Exotic relishes and add-at-home sauce sales are soaring

By Gary Scattergood

- Last updated on GMT

Glazes and sauces to add to meat are proving popular
Glazes and sauces to add to meat are proving popular

Related tags: Cooking

Exotic accompaniments for sandwiches, specialist sauces for meat products and spices for sausages and burgers are the top three ingredient trends reported by a leading supplier.

Brecon-based Beacon foods said it is supplying an ever-increasing range of ingredients to add flavour and decorative appeal or to provide the finishing touches to products.

Product development manager Ian St John said there had been a surge in interest for chutneys and relishes from sandwich makers, while meat firms were snapping up a vast range of specialist sauces.

A key area of growth is sachets of sauces and glazes for people to add to meat products at home, with manufacturers striving to meet consumers' cooking requirements.

'Want to do something'

"Consumers arriving home from work still want to be responsible for cooking part of their evening meal,"​ said St John. "They don't have the time to cook a meal from scratch, but still want to do something, such as adding the marinade or sauce to a meat roast."

He said he'd also noticed growing demand for British or specific named ingredients, such as Sicilian lemons and California peppers, while items such as caramelised orange slices, clementine and apple slices and citrus zests were in demand, in the run up to Christmas.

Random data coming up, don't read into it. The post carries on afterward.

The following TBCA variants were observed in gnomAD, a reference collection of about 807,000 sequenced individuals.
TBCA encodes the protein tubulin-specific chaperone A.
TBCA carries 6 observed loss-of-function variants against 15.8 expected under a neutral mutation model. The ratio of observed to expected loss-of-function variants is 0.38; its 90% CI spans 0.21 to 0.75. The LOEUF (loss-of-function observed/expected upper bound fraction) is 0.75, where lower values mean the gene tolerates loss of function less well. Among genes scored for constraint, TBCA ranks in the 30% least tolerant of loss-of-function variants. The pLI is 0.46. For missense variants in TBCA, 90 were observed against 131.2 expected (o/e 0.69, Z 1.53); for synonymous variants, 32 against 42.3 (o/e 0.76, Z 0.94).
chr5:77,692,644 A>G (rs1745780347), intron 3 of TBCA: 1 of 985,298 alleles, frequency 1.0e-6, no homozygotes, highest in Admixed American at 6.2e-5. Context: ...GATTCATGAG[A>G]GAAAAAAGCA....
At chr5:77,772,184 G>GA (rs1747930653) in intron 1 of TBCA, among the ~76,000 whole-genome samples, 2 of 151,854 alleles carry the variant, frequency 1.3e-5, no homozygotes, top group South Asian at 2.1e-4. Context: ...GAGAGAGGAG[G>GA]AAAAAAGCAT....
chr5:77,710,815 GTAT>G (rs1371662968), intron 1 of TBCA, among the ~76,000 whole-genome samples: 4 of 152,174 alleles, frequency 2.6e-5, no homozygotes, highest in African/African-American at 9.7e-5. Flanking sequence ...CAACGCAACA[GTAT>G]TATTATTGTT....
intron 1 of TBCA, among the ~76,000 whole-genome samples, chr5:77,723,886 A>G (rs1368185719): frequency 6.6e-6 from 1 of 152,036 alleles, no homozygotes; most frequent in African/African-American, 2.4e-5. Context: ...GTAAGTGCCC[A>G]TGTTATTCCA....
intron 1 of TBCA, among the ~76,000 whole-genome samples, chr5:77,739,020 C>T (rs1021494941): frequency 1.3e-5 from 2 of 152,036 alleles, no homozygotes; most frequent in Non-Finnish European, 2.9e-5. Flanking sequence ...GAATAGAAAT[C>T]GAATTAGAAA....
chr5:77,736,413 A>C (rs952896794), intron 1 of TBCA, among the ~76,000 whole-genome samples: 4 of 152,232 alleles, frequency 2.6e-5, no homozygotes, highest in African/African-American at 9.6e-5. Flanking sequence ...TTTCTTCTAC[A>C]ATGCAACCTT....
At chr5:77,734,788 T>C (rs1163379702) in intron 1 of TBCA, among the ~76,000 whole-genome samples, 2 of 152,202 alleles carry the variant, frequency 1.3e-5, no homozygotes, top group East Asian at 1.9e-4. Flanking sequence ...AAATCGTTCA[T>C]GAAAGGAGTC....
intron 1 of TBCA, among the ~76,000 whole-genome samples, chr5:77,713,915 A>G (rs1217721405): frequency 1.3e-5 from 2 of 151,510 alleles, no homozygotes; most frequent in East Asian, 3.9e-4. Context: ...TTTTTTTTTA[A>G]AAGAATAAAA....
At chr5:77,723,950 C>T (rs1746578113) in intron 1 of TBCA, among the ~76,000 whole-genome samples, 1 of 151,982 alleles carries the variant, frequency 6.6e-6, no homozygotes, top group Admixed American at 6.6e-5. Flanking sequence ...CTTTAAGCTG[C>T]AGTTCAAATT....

"There is no doubt consumers are watching what they are spending in the current economic climate, but I wouldn't say they are spending less,"​ said St John. "They are being more selective and going for quality and recognised names."

'Increasingly seeking'

Sausage and burger manufacturers were increasingly seeking to add new flavour combinations to their products, he added, while the company is reporting an upsurge in interest in chutneys and relishes from sandwich manufacturers.

Mango, apricot, pomegranate, beetroot and mint relishes are popular and the wide range of chutneys developed include beetroot and horseradish and sweet and sour carrot.

Going down well with soup manufacturers is chargrilled sweetcorn, while salad manufacturers are ordering more quinoa, black barley, bulgar wheat and cous cous.

Meanwhile, aromatic ingredients, such as lemon grass, galangal, ginger and specialist chilies, are in vogue with manufacturers of drinks, added St John.

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